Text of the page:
So someone came up with the bright idea to harness the power of the three of the biggest search engine names and show their comparative search results alongside one another for any particular search term entered. Featuring a slick AJAX-driven interface, a good layout of information as well a clever display of search term related tag cloud information and image results, enter Yabigo, a particularly clever little monster.

Ya = Yahoo, bi = Bing and go = Google, Yabigo submits your query against all three search engine giants and then returns the plethora of results back to you, allowing you quickly to compare the three’s performance and increase the chance of actually finding the information you were looking for in the first place!

Very clever boys, though I’m not sure how long you’ll last before the big guns put you down and out of the game. Still, very, very good idea! :)

Related Link: http://www.yabigo.com

Ubuntu: How to Install Google Chrome for Karmic Koala CodeUnit 25 DEC 2009

google-chrome-logoInstalling the latest browser upstart, Google Chrome into Ubuntu 9.10 Karmic Koala turns out to be a whole lot simpler than what you might have thought.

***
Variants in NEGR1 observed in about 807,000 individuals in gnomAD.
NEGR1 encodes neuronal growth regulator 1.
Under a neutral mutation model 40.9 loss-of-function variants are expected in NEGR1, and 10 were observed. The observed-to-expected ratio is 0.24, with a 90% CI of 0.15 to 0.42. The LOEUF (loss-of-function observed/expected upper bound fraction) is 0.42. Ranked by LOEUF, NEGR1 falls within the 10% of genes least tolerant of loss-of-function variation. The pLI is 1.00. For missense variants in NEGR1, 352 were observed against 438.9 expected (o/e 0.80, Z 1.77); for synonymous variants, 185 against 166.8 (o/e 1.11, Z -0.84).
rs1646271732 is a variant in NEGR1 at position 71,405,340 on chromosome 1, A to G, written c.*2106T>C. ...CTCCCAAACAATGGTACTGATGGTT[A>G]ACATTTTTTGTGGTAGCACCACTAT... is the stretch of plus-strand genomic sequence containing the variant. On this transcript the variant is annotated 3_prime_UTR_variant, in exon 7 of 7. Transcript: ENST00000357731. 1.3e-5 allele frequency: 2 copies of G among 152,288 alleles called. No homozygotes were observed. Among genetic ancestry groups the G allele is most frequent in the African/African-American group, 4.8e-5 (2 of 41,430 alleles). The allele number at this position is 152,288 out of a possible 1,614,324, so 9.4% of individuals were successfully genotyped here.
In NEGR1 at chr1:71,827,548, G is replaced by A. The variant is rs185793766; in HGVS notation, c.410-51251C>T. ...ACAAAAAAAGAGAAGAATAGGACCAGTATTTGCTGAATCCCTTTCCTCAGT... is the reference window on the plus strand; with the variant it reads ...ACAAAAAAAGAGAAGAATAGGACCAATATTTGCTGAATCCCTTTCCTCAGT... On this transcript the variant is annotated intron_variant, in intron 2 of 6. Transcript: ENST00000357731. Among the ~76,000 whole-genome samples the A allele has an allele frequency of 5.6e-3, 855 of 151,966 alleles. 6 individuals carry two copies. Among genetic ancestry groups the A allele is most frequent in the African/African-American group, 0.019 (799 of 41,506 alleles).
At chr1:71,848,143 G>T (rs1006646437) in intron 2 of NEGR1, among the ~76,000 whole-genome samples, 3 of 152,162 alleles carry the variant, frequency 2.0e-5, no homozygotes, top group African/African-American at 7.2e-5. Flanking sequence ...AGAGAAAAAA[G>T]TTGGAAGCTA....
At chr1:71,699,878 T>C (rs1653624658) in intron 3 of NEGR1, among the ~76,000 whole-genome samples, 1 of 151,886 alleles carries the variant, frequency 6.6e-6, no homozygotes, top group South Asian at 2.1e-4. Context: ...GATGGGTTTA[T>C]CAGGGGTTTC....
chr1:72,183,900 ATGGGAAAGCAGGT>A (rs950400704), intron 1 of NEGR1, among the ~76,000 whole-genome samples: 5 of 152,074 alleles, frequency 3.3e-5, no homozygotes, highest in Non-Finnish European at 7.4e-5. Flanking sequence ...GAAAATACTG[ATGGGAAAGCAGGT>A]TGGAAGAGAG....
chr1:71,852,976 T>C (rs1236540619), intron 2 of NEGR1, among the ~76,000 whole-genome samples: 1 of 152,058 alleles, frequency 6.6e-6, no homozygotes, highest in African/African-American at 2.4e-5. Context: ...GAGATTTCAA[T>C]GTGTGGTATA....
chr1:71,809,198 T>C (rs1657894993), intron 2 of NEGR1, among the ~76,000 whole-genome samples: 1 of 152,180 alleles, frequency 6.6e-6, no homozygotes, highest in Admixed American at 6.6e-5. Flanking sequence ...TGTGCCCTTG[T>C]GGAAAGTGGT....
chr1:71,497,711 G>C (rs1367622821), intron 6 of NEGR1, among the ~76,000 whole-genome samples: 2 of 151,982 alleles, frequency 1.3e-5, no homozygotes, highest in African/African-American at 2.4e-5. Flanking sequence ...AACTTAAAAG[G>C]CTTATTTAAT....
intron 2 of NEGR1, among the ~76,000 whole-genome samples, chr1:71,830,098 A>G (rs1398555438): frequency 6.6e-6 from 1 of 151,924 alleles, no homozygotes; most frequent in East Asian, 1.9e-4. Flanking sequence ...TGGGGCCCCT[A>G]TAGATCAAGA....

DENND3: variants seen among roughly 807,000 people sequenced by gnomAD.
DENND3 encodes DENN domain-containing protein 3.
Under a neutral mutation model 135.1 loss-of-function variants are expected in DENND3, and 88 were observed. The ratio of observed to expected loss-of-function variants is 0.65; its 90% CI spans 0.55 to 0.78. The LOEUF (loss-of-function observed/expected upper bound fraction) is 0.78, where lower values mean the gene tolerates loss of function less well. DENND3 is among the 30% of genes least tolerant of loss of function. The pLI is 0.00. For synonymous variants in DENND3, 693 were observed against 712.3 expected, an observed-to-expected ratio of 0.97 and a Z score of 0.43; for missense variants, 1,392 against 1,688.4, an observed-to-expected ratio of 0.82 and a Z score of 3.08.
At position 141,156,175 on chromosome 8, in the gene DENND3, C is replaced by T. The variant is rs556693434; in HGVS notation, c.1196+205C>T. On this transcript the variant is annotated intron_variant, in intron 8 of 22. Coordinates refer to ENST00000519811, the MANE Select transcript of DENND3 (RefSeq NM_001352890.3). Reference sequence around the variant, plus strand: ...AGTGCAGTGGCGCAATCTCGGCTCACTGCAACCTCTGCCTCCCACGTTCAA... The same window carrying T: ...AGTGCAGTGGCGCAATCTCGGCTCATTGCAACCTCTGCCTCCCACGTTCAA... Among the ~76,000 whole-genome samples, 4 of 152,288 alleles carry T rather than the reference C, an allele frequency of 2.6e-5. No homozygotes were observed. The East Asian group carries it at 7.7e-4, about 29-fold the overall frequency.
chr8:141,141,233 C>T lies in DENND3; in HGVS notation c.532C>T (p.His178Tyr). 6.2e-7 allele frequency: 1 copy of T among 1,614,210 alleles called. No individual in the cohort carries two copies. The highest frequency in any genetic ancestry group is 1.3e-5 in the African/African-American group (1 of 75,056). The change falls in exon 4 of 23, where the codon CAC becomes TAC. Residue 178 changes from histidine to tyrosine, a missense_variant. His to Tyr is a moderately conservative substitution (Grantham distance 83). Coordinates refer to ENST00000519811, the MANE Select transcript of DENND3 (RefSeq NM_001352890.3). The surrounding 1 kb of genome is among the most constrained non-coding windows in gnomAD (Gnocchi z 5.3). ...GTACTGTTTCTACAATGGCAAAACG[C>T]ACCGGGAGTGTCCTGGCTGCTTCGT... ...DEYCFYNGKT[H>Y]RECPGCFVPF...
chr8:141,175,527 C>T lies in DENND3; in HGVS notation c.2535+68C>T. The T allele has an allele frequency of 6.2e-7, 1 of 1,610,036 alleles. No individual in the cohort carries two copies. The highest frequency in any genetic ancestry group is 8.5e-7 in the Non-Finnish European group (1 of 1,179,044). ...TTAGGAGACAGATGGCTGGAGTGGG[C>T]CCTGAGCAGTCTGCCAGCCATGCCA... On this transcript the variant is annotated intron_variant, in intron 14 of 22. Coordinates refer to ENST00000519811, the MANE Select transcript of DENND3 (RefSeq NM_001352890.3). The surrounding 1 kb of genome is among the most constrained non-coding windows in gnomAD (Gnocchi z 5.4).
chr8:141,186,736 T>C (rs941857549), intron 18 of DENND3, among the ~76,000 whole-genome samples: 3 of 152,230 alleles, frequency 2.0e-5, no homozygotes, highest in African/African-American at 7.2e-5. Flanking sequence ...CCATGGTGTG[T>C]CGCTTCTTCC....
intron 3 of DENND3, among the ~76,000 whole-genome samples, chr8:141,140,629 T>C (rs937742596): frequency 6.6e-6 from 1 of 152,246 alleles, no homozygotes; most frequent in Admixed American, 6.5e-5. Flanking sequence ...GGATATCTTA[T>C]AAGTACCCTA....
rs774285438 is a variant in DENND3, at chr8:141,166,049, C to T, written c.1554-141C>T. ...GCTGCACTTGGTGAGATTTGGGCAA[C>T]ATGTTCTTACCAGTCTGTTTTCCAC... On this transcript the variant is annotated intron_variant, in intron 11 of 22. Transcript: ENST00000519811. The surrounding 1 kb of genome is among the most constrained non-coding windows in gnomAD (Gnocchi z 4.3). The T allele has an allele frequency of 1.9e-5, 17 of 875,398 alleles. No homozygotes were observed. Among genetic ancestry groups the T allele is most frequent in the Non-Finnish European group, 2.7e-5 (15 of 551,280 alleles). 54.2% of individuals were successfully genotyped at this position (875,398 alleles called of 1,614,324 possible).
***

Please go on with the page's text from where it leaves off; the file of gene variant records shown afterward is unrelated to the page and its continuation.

The Chromium dev team have just released a debian installer package for Google Chrome 4.0.249.43 Beta, which you can head over and grab from http://www.google.com/chrome. (If you do it from a windows machine, you’ll need to navigate through to the Linux downloads, but if you launch the URL from Ubuntu, it defaults to the Linux download.)

Once the 12 mb file has finished downloading, it now becomes a very simple matter of double clicking on the .deb package and following the Debian Package Installer prompts that follow. That easy.

Finally, when the go ahead is lit and the package sits installed, you can access Google Chrome by hitting the Applications -> Internet -> Google Chrome system menu option.

(Needless to say, first option you get is to import all your stuff over from Firefox. You’d better do it – after all, you don’t know when you’ll ever be going back! :P)

Related Link: http://www.google.com/chrome

And now Google DNS CodeUnit 12 DEC 2009